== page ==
Objection 1: It would seem possible to have charity without the moral virtues. For when one thing suffices for a certain purpose, it is superfluous to employ others. Now charity alone suffices for the fulfilment of all the works of virtue, as is clear from 1 Cor.13:4, seqq.: |Charity is patient, is kind,| etc. Therefore it seems that if one has charity, other virtues are superfluous.
Objection 2: Further, he that has a habit of virtue easily performs the works of that virtue, and those works are pleasing to him for their own sake: hence |pleasure taken in a work is a sign of habit| (Ethic. ii, 3). Now many have charity, being free from mortal sin, and yet they find it difficult to do works of virtue; nor are these works pleasing to them for their own sake, but only for the sake of charity. Therefore many have charity without the other virtues.
Objection 3: Further, charity is to be found in every saint: and yet there are some saints who are without certain virtues. For Bede says (on Lk.17:10) that the saints are more humbled on account of their not having certain virtues, than rejoiced at the virtues they have. Therefore, if a man has charity, it does not follow of necessity that he has all the moral virtues.
On the contrary, The whole Law is fulfilled through charity, for it is written (Rom.13:8): |He that loveth his neighbor, hath fulfilled the Law.| Now it is not possible to fulfil the whole Law, without having all the moral virtues: since the law contains precepts about all acts of virtue, as stated in Ethic. v, 1,2. Therefore he that has charity, has all the moral virtues. Moreover, Augustine says in a letter (Epis. clxvii) [*Cf. Serm. xxxix and xlvi de Temp.] that charity contains all the cardinal virtues.
I answer that, All the moral virtues are infused together with charity. The reason for this is that God operates no less perfectly in works of grace than in works of nature. Now, in the works of nature, we find that whenever a thing contains a principle of certain works, it has also whatever is necessary for their execution: thus animals are provided with organs whereby to perform the actions that their souls empower them to do. Now it is evident that charity, inasmuch as it directs man to his last end, is the principle of all the good works that are referable to his last end. Wherefore all the moral virtues must needs be infused together with charity, since it is through them that man performs each different kind of good work.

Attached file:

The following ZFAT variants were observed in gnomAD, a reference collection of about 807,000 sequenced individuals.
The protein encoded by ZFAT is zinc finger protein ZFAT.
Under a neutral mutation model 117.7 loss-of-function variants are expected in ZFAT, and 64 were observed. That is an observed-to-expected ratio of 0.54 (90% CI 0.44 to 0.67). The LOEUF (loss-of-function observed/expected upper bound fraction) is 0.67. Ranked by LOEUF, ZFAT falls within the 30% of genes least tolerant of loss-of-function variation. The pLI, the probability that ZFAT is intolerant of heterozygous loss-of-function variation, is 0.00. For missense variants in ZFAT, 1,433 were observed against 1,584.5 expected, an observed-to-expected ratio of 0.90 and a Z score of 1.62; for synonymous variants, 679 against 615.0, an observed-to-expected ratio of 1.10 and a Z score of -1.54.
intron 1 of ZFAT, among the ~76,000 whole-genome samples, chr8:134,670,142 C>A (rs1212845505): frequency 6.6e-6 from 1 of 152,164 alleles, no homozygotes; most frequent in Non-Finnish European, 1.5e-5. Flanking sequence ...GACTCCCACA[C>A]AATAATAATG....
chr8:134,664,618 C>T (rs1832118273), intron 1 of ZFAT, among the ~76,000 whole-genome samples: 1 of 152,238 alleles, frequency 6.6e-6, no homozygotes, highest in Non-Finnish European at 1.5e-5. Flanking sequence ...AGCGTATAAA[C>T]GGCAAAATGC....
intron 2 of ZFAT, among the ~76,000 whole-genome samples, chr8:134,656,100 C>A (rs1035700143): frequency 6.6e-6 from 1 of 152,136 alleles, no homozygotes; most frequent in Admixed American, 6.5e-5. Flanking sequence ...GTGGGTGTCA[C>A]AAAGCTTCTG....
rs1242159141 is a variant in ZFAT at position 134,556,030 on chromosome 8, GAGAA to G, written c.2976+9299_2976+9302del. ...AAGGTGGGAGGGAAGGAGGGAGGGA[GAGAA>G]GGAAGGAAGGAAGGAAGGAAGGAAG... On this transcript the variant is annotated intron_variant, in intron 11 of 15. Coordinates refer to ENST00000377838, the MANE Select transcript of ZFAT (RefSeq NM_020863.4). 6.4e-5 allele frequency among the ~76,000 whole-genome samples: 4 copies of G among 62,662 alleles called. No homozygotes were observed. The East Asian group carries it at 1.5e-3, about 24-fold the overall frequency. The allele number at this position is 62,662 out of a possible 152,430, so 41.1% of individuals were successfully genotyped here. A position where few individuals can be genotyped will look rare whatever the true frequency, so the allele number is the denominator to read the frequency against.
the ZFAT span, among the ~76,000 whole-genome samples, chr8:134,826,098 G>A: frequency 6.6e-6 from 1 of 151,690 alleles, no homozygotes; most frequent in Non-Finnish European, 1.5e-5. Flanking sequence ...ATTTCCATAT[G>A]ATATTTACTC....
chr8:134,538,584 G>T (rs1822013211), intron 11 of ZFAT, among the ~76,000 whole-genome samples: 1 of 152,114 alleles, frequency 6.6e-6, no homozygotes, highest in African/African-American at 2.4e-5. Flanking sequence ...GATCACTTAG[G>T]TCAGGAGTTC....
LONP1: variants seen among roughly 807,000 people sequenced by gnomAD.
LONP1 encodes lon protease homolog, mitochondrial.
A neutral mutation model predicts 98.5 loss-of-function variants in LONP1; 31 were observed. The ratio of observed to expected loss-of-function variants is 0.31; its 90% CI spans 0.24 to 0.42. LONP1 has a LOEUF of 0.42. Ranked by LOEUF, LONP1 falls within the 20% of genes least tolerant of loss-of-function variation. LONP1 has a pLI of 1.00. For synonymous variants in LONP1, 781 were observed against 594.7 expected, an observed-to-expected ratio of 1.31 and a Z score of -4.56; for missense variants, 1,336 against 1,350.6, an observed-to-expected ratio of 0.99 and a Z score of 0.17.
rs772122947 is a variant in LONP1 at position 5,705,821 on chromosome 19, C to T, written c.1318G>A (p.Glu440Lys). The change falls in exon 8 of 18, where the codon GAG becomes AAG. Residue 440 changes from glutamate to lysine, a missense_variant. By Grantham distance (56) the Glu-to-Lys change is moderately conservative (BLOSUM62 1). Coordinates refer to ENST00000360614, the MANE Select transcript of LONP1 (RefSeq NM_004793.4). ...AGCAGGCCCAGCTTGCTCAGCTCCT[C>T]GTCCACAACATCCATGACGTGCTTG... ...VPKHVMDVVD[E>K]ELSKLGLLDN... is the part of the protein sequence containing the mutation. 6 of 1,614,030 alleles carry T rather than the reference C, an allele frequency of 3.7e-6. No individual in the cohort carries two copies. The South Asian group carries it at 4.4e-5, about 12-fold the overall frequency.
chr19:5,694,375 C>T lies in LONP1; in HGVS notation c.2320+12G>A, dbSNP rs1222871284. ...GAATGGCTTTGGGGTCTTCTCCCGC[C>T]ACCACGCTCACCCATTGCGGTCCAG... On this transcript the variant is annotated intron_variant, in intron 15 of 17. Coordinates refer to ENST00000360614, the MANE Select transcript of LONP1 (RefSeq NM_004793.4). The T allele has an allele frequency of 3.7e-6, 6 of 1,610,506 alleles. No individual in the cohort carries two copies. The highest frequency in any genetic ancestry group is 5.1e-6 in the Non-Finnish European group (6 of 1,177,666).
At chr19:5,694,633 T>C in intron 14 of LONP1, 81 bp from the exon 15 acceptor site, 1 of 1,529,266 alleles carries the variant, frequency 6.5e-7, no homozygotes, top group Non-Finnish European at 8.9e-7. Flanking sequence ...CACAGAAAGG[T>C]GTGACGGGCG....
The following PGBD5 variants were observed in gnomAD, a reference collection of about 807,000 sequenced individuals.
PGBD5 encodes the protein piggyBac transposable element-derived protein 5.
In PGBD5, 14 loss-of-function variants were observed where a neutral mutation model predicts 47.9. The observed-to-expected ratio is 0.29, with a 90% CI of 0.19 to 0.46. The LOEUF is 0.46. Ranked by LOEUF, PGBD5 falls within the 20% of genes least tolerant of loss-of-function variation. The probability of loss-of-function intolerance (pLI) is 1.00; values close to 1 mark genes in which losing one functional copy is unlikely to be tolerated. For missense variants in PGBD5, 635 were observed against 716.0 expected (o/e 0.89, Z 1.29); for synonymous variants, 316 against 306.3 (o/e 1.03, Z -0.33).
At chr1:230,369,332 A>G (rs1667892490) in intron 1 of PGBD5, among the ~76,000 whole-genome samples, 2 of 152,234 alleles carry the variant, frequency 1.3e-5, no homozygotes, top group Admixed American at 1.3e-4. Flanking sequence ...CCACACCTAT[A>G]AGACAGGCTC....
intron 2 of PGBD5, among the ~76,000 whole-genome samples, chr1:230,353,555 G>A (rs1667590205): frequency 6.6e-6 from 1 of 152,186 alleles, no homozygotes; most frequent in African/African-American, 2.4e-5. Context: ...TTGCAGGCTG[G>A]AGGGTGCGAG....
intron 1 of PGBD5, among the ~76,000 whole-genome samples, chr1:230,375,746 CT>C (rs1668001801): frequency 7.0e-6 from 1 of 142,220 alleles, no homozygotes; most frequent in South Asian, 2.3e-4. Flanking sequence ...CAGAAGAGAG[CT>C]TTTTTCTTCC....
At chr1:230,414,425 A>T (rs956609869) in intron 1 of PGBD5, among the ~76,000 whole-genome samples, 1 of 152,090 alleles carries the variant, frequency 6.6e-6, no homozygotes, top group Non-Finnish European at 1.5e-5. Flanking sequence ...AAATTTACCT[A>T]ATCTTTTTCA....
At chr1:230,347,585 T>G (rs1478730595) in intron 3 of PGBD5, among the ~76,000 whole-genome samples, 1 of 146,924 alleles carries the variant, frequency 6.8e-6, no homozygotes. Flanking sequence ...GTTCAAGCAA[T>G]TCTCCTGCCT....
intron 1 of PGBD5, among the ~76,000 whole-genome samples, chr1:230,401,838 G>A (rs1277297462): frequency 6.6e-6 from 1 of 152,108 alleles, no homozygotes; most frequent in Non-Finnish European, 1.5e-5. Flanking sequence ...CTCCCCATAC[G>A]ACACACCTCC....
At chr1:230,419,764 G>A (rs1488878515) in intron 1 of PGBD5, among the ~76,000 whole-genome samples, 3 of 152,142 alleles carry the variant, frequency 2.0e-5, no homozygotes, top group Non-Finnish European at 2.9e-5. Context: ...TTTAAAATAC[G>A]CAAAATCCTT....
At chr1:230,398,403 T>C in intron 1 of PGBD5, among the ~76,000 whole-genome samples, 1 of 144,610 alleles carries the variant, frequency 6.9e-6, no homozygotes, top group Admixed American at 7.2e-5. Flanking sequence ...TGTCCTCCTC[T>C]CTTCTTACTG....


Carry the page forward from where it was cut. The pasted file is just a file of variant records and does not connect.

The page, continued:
It is therefore clear that the infused moral virtues are connected, not only through prudence, but also on account of charity: and, again, that whoever loses charity through mortal sin, forfeits all the infused moral virtues.
Reply to Objection 1: In order that the act of a lower power be perfect, not only must there be perfection in the higher, but also in the lower power: for if the principal agent were well disposed, perfect action would not follow, if the instrument also were not well disposed. Consequently, in order that man work well in things referred to the end, he needs not only a virtue disposing him well to the end, but also those virtues which dispose him well to whatever is referred to the end: for the virtue which regards the end is the chief and moving principle in respect of those things that are referred to the end. Therefore it is necessary to have the moral virtues together with charity.
Reply to Objection 2: It happens sometimes that a man who has a habit, finds it difficult to act in accordance with the habit, and consequently feels no pleasure and complacency in the act, on account of some impediment supervening from without: thus a man who has a habit of science, finds it difficult to understand, through being sleepy or unwell. In like manner sometimes the habits of moral virtue experience difficulty in their works, by reason of certain ordinary dispositions remaining from previous acts. This difficulty does not occur in respect of acquired moral virtue: because the repeated acts by which they are acquired, remove also the contrary dispositions.
Reply to Objection 3: Certain saints are said not to have certain virtues, in so far as they experience difficulty in the acts of those virtues, for the reason stated; although they have the habits of all the virtues.